Saturday, March 21, 2009

AIG bonuses - a distraction from the real issues

I'm currently on a business trip in the US and have been bemused and confused by all the attention given to the US$165 million in bonuses paid to a relatively small group of AIG employees. The amount of attention given to the issue has been far out of proportion to what it deserves and far greater than several more significant issues that those attempting to deal with the economic problems should be giving greater attention.

A few random thoughts on the issue:

1. it is hypocritical for the politicians to be pretending to be angry over the issue: they knew there would be incentive type payments and approved the bailout payments with that knowledge. Attempting to impose an unconstitutional tax on recipients only makes them look stupid (as well as wasting more taxpayer money);

2. there is a near complete lack of granularity on what the payments were for. There has been close to zero coverage on this issue. It is likely that even within something as bad as AIG, there will be recipients who genuinely deserve to receive a level of remuneration that is reflected in their bonus payments;

3. the bonus issue is immaterial to the greater scandal of the billions that went to bail out counterparties - many of which had connections to the same regulators/political appointees who approved the payments;

4. the AIG bonus payment issue is insignificant compared to the Madoff scandal and the outrageous and complete failings of the SEC in relation to Madoff;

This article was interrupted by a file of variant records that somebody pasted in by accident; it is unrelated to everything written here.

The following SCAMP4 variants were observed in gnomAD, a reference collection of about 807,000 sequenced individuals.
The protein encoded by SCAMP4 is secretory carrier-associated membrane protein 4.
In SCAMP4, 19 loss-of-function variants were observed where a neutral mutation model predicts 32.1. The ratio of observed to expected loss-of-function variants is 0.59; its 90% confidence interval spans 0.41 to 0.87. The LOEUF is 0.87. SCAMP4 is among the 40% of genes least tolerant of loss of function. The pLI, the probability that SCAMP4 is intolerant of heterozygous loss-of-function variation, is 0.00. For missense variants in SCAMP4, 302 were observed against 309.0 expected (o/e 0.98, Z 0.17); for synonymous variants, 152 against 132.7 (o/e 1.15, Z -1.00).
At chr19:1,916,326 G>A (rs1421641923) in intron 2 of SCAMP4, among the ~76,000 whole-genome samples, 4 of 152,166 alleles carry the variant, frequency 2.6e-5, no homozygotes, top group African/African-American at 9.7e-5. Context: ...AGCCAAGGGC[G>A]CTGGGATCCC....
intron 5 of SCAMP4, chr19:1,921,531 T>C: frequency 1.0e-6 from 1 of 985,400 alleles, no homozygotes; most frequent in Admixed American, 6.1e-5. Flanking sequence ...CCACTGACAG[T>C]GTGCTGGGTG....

5. the AIG bonus payments are trivial sums compared to the amount of taxpayer money going to overpaid autoworkers (and retired autoworkers);

6. the AIG bonus payments are a complete irrelevancy compared to the failure of the regulators (including the Senate and Congress) to adequately regulate the mortgage industry, the investment banks and other intermediaries in the first place;

7. the unconstitutional punitive taxes imposed by the Senate and Congress on the AIG bonus payments (among others) are a clear demonstration that political considerations are more important to the elected representatives of the people than the notion that they should actually be expected to focus on addressing important issues - McCarthyism is alive and well;

8. it is puzzling that the AIG bonus payments have received far more attention than the fact that the White House's forecast deficits for the next few years are optimistic by truly staggering amounts (estimates vary, but all the ones I have seen exceed, in aggregate, a trillion dollars. How can the crew of the largest and most sophisticated economic ship in the world get it so wrong?

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